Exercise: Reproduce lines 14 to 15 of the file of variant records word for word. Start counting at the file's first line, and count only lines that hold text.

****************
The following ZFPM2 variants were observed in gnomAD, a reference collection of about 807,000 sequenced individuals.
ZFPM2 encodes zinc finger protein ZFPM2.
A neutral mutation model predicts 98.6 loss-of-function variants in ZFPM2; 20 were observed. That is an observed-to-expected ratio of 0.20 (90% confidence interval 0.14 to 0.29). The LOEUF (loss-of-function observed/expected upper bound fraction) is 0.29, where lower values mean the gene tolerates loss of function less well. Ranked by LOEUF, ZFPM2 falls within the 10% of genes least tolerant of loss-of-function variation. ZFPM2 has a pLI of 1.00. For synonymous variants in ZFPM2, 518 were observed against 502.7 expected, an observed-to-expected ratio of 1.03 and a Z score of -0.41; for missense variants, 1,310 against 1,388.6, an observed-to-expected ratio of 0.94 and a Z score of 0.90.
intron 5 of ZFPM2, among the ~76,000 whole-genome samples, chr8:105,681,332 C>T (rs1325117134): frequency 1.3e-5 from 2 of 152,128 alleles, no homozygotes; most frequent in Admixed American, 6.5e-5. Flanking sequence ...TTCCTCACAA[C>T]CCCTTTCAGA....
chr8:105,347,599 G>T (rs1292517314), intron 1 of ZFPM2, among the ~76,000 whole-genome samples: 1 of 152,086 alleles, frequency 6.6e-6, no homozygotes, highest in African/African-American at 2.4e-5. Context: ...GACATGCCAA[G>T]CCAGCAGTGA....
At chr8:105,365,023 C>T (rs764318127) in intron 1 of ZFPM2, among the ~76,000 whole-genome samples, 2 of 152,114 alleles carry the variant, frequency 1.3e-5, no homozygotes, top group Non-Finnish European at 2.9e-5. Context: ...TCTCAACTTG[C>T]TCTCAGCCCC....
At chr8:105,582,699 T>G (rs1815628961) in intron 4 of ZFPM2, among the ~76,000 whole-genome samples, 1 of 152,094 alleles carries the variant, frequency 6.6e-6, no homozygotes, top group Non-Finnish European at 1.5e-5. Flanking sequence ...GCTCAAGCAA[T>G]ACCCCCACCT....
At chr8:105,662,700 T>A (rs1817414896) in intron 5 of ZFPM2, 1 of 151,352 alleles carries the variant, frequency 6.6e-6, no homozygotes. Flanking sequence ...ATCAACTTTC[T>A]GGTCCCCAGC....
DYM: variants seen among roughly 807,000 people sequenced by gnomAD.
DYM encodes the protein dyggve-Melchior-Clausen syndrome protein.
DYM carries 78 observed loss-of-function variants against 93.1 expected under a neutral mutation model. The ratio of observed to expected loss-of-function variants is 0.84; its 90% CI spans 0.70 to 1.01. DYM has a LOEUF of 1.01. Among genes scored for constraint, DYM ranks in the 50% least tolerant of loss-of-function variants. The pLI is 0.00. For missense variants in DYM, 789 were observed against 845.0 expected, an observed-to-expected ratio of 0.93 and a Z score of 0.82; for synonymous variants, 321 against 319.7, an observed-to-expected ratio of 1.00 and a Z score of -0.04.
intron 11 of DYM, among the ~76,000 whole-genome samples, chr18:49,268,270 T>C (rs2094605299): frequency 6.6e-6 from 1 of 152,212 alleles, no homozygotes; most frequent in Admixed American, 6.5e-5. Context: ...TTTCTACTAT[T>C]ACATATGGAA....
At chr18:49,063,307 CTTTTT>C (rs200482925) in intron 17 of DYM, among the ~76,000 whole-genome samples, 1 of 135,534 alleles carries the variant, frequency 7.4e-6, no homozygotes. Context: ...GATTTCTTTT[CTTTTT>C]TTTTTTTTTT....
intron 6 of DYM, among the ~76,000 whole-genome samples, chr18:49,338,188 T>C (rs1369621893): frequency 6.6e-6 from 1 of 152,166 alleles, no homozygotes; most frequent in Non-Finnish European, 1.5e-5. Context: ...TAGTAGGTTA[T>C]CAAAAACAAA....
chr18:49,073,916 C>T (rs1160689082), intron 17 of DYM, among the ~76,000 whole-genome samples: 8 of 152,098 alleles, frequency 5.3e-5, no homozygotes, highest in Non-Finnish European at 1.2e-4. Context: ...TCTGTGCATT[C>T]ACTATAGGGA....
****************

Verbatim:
intron 6 of DYM, among the ~76,000 whole-genome samples, chr18:49,338,188 T>C (rs1369621893): frequency 6.6e-6 from 1 of 152,166 alleles, no homozygotes; most frequent in Non-Finnish European, 1.5e-5. Context: ...TAGTAGGTTA[T>C]CAAAAACAAA....
chr18:49,073,916 C>T (rs1160689082), intron 17 of DYM, among the ~76,000 whole-genome samples: 8 of 152,098 alleles, frequency 5.3e-5, no homozygotes, highest in Non-Finnish European at 1.2e-4. Context: ...TCTGTGCATT[C>T]ACTATAGGGA....